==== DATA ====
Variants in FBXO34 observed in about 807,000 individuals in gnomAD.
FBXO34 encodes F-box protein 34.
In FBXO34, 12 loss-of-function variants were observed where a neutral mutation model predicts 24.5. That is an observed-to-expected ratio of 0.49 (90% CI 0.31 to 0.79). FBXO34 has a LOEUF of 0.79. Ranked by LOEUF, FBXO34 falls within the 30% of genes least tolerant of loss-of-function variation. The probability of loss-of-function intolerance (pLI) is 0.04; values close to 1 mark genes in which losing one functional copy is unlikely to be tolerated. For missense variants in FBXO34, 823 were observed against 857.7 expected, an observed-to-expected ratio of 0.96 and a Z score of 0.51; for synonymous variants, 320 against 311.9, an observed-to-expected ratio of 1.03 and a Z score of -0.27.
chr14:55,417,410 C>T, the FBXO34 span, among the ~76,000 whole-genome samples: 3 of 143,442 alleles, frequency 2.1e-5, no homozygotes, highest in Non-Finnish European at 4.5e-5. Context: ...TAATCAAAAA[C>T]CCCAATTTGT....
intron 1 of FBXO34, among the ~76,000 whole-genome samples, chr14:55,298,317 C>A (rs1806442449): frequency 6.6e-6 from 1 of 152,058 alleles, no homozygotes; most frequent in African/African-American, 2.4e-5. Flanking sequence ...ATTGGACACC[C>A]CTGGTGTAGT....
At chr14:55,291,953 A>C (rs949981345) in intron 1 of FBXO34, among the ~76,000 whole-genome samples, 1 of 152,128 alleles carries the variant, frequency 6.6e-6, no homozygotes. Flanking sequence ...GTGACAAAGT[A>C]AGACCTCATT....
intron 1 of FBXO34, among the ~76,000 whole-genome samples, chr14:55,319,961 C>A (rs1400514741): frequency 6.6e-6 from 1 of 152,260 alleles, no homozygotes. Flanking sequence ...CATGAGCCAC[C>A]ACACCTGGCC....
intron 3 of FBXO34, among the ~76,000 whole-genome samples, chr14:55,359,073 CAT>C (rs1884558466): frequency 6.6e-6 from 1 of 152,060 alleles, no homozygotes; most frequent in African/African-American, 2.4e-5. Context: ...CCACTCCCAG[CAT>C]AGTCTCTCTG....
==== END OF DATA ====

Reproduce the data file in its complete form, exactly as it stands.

Variants in FBXO34 observed in about 807,000 individuals in gnomAD.
FBXO34 encodes F-box protein 34.
In FBXO34, 12 loss-of-function variants were observed where a neutral mutation model predicts 24.5. That is an observed-to-expected ratio of 0.49 (90% CI 0.31 to 0.79). FBXO34 has a LOEUF of 0.79. Ranked by LOEUF, FBXO34 falls within the 30% of genes least tolerant of loss-of-function variation. The probability of loss-of-function intolerance (pLI) is 0.04; values close to 1 mark genes in which losing one functional copy is unlikely to be tolerated. For missense variants in FBXO34, 823 were observed against 857.7 expected, an observed-to-expected ratio of 0.96 and a Z score of 0.51; for synonymous variants, 320 against 311.9, an observed-to-expected ratio of 1.03 and a Z score of -0.27.
chr14:55,417,410 C>T, the FBXO34 span, among the ~76,000 whole-genome samples: 3 of 143,442 alleles, frequency 2.1e-5, no homozygotes, highest in Non-Finnish European at 4.5e-5. Context: ...TAATCAAAAA[C>T]CCCAATTTGT....
intron 1 of FBXO34, among the ~76,000 whole-genome samples, chr14:55,298,317 C>A (rs1806442449): frequency 6.6e-6 from 1 of 152,058 alleles, no homozygotes; most frequent in African/African-American, 2.4e-5. Flanking sequence ...ATTGGACACC[C>A]CTGGTGTAGT....
At chr14:55,291,953 A>C (rs949981345) in intron 1 of FBXO34, among the ~76,000 whole-genome samples, 1 of 152,128 alleles carries the variant, frequency 6.6e-6, no homozygotes. Flanking sequence ...GTGACAAAGT[A>C]AGACCTCATT....
intron 1 of FBXO34, among the ~76,000 whole-genome samples, chr14:55,319,961 C>A (rs1400514741): frequency 6.6e-6 from 1 of 152,260 alleles, no homozygotes. Flanking sequence ...CATGAGCCAC[C>A]ACACCTGGCC....
intron 3 of FBXO34, among the ~76,000 whole-genome samples, chr14:55,359,073 CAT>C (rs1884558466): frequency 6.6e-6 from 1 of 152,060 alleles, no homozygotes; most frequent in African/African-American, 2.4e-5. Context: ...CCACTCCCAG[CAT>C]AGTCTCTCTG....